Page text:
• for a mistake, my God, you don’t make a child suffer!
  • unfortunately, a great number of judges and social workers are rigidly unable to judge cases in a human way.
  • I believe the family to be terribly important, even when it is obsessive or repressive or full of insidious germs which can pollute life. But it’s a necessary institution, a way in which children become adults, for which there’s no substitute.
  • Every time I sit down to write a book I feel that I have to start from zero, that I have to re-learn how to write.
  • (PB: You wrote your essay “The Little Virtues” a long time ago, really in another age. A number of American readers are very much taken with the piece while finding it a direct challenge to their familiar assumptions. Would you still offer parents the same advice with regard to the upbringing of their children or have your thoughts changed?) NG: I’m sure that I would write exactly the same thing; even in these difficult times one should only teach the big virtues, generosity more than anything else. The rest can be learned later on.
  • A journalist recently said in the newspapers that writers should keep their mouths shut as much as possible and I think he was probably right. Better to write than to speak.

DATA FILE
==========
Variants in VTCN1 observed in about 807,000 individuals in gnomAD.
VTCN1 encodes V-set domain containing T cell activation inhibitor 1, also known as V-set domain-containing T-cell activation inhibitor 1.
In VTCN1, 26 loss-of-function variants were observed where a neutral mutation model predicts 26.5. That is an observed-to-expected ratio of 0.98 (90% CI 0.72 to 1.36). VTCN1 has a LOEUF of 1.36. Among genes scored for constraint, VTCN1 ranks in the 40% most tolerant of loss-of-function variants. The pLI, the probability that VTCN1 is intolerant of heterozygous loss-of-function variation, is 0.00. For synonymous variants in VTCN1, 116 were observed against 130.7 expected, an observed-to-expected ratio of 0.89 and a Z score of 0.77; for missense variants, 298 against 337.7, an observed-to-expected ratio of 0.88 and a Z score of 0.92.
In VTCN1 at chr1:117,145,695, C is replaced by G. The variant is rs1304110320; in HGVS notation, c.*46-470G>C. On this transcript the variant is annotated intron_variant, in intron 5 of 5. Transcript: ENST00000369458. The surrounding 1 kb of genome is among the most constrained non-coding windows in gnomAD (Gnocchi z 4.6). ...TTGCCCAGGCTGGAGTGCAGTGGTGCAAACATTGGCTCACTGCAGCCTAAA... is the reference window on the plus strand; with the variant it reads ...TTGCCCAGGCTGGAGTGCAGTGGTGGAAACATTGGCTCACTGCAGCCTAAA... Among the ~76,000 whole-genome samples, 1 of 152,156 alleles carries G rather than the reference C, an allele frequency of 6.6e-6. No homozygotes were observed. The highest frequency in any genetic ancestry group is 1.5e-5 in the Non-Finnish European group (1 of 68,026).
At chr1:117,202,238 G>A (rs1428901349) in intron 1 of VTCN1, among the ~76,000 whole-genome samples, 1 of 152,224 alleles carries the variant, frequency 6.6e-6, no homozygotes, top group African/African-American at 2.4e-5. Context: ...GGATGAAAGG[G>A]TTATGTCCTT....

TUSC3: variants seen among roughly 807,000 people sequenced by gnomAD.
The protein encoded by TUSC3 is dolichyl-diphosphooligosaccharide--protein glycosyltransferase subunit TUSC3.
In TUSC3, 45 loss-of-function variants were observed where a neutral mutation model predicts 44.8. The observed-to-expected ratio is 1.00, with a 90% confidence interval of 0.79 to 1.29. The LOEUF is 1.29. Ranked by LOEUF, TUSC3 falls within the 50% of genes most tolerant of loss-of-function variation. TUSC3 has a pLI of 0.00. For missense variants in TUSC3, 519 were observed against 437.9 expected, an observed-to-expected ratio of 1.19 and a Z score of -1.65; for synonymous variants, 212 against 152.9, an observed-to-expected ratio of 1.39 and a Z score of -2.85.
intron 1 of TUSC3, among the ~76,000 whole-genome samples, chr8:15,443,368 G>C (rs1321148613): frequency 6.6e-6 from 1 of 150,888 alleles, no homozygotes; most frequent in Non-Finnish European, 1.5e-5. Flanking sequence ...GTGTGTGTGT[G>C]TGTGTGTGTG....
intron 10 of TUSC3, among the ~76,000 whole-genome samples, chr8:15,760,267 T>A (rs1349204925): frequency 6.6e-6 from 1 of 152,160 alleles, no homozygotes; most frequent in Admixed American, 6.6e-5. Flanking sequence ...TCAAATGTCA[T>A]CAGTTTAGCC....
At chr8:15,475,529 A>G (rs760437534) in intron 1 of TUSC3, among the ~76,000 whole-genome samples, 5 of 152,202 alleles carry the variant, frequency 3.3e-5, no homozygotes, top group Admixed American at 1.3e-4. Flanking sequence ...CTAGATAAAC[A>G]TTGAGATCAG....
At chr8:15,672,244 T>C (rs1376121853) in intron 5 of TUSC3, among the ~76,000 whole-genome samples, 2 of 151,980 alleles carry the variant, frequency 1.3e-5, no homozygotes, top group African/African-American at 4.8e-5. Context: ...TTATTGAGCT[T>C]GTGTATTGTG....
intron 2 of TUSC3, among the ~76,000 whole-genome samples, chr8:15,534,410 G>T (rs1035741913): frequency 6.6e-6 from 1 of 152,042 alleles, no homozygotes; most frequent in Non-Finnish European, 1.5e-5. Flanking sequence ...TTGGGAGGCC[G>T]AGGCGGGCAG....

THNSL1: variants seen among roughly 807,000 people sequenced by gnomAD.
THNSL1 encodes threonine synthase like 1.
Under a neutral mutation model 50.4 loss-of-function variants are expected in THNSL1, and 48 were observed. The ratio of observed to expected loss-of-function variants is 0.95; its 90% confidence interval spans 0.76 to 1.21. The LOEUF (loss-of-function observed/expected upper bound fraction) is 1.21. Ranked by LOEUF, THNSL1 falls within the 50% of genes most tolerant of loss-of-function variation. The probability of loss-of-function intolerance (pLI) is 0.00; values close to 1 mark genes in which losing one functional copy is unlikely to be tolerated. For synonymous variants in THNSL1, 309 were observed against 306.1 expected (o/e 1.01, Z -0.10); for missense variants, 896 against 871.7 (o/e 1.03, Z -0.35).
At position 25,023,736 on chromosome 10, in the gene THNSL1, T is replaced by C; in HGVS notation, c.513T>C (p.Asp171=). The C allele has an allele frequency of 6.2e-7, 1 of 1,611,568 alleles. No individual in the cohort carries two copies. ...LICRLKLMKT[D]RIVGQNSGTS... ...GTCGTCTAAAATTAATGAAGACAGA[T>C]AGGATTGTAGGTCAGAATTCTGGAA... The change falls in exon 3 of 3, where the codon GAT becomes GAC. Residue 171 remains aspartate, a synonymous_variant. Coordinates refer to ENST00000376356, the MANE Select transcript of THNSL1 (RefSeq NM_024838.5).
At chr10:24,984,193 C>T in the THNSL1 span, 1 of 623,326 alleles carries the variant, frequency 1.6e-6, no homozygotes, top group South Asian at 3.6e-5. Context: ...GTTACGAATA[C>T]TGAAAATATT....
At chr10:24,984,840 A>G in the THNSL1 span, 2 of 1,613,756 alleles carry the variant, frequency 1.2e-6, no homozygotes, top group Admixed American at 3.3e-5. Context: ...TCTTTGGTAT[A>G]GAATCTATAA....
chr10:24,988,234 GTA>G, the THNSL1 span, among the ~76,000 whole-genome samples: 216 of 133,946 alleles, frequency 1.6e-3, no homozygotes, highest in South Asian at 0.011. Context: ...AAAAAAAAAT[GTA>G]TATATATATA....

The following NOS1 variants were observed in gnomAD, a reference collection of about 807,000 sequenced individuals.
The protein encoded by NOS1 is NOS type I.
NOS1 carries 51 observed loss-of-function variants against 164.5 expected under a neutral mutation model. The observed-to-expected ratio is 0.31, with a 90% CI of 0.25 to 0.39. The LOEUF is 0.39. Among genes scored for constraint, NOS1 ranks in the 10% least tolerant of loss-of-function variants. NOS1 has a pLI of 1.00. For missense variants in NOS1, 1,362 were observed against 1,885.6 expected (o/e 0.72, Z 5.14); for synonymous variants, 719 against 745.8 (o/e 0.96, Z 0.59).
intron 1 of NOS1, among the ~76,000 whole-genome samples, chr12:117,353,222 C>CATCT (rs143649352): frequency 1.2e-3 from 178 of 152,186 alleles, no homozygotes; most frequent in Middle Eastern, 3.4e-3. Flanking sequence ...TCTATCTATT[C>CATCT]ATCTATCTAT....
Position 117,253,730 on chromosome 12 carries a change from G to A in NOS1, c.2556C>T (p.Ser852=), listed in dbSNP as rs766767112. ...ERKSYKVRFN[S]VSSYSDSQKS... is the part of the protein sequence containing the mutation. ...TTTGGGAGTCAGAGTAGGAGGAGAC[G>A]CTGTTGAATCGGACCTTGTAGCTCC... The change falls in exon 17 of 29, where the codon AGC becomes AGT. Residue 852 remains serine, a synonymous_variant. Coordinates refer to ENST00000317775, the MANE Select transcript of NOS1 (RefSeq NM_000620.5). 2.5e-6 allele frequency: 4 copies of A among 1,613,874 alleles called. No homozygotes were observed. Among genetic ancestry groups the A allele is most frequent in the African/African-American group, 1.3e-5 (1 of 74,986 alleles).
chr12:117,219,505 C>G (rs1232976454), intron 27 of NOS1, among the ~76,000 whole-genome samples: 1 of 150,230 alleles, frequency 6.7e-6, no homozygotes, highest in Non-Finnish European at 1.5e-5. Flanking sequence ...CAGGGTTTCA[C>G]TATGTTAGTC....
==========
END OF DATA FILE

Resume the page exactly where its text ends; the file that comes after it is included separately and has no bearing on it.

• what a job of ants and horses translation is. (PB: Ants and horses?) NG: One has to be as exact and industrious as an ant and have the impetus, the strength, of a horse to pull ahead.

Le piccole virtù (1962) edit

Translated into English by Dick Davis as The Little Virtues (1985)

  • When I write something I usually think it is very important and that I am a very fine writer. I think this happens to everyone. But there is one corner of my mind in which I know very well what I am, which is a small, a very small writer. I swear I know it. But that doesn't matter much to me. Only, I don't want to think about names: I can see that if I am asked 'a small writer like who?' it would sadden me to think of the names of other small writers. I prefer to think that no one has ever been like me, however small, however much a mosquito or a flea of a writer I may be. The important thing is to be convinced that this really is your vocation, your profession, something you will do all your life.